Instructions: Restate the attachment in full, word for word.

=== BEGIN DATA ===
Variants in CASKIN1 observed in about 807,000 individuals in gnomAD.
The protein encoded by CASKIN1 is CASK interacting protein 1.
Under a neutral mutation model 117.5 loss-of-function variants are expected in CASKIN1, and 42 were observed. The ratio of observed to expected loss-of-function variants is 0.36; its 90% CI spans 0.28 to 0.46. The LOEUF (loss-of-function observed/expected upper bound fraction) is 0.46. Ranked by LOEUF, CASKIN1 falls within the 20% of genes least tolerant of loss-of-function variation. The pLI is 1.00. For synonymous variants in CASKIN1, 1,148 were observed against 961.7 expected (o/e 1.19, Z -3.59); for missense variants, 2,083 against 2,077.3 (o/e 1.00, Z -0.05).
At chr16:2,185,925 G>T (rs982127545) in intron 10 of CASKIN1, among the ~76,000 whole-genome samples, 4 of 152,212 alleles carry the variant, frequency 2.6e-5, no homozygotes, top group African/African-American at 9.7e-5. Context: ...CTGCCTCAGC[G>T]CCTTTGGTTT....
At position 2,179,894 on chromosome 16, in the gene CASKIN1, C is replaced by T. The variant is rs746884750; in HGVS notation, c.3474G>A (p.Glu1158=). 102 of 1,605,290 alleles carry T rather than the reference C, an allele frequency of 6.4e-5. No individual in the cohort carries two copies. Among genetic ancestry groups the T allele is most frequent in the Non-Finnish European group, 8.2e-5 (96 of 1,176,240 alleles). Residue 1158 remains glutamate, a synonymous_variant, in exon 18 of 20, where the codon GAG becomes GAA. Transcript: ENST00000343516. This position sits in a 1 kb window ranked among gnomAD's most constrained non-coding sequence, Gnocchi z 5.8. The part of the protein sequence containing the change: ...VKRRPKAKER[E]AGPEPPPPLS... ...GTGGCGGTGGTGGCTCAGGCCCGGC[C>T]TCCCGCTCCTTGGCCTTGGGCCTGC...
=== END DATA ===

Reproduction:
Variants in CASKIN1 observed in about 807,000 individuals in gnomAD.
The protein encoded by CASKIN1 is CASK interacting protein 1.
Under a neutral mutation model 117.5 loss-of-function variants are expected in CASKIN1, and 42 were observed. The ratio of observed to expected loss-of-function variants is 0.36; its 90% CI spans 0.28 to 0.46. The LOEUF (loss-of-function observed/expected upper bound fraction) is 0.46. Ranked by LOEUF, CASKIN1 falls within the 20% of genes least tolerant of loss-of-function variation. The pLI is 1.00. For synonymous variants in CASKIN1, 1,148 were observed against 961.7 expected (o/e 1.19, Z -3.59); for missense variants, 2,083 against 2,077.3 (o/e 1.00, Z -0.05).
At chr16:2,185,925 G>T (rs982127545) in intron 10 of CASKIN1, among the ~76,000 whole-genome samples, 4 of 152,212 alleles carry the variant, frequency 2.6e-5, no homozygotes, top group African/African-American at 9.7e-5. Context: ...CTGCCTCAGC[G>T]CCTTTGGTTT....
At position 2,179,894 on chromosome 16, in the gene CASKIN1, C is replaced by T. The variant is rs746884750; in HGVS notation, c.3474G>A (p.Glu1158=). 102 of 1,605,290 alleles carry T rather than the reference C, an allele frequency of 6.4e-5. No individual in the cohort carries two copies. Among genetic ancestry groups the T allele is most frequent in the Non-Finnish European group, 8.2e-5 (96 of 1,176,240 alleles). Residue 1158 remains glutamate, a synonymous_variant, in exon 18 of 20, where the codon GAG becomes GAA. Transcript: ENST00000343516. This position sits in a 1 kb window ranked among gnomAD's most constrained non-coding sequence, Gnocchi z 5.8. The part of the protein sequence containing the change: ...VKRRPKAKER[E]AGPEPPPPLS... ...GTGGCGGTGGTGGCTCAGGCCCGGC[C>T]TCCCGCTCCTTGGCCTTGGGCCTGC...